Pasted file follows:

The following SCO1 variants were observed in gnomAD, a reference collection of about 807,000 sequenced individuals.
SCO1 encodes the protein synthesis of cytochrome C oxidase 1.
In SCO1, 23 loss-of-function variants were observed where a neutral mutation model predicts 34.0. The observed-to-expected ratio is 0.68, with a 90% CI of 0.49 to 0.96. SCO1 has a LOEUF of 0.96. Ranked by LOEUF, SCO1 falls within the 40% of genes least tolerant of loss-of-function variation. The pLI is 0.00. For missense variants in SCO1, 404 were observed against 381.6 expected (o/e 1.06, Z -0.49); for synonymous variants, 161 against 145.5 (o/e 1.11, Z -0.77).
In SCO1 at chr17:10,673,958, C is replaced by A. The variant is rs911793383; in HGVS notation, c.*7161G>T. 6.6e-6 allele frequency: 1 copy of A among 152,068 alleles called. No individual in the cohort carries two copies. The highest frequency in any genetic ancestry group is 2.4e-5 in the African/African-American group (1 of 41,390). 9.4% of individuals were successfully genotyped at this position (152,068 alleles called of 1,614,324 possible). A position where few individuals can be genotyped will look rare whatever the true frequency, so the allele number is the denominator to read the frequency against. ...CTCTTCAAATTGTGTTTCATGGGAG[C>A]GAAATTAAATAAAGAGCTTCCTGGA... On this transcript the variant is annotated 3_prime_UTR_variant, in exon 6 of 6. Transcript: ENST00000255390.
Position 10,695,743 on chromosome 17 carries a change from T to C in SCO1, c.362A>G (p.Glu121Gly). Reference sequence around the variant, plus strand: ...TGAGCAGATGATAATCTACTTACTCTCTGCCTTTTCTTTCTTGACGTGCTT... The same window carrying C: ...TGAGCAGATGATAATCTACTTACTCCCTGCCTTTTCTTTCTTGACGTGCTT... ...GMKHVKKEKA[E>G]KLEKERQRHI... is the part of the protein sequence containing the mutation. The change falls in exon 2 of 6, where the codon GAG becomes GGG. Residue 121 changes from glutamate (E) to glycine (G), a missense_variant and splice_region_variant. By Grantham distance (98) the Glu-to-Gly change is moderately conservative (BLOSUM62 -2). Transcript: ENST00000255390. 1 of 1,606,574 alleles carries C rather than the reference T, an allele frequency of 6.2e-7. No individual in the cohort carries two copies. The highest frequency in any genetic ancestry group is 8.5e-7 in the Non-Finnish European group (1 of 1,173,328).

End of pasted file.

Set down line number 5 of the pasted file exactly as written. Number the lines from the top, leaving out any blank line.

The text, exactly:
Position 10,695,743 on chromosome 17 carries a change from T to C in SCO1, c.362A>G (p.Glu121Gly). Reference sequence around the variant, plus strand: ...TGAGCAGATGATAATCTACTTACTCTCTGCCTTTTCTTTCTTGACGTGCTT... The same window carrying C: ...TGAGCAGATGATAATCTACTTACTCCCTGCCTTTTCTTTCTTGACGTGCTT... ...GMKHVKKEKA[E>G]KLEKERQRHI... is the part of the protein sequence containing the mutation. The change falls in exon 2 of 6, where the codon GAG becomes GGG. Residue 121 changes from glutamate (E) to glycine (G), a missense_variant and splice_region_variant. By Grantham distance (98) the Glu-to-Gly change is moderately conservative (BLOSUM62 -2). Transcript: ENST00000255390. 1 of 1,606,574 alleles carries C rather than the reference T, an allele frequency of 6.2e-7. No individual in the cohort carries two copies. The highest frequency in any genetic ancestry group is 8.5e-7 in the Non-Finnish European group (1 of 1,173,328).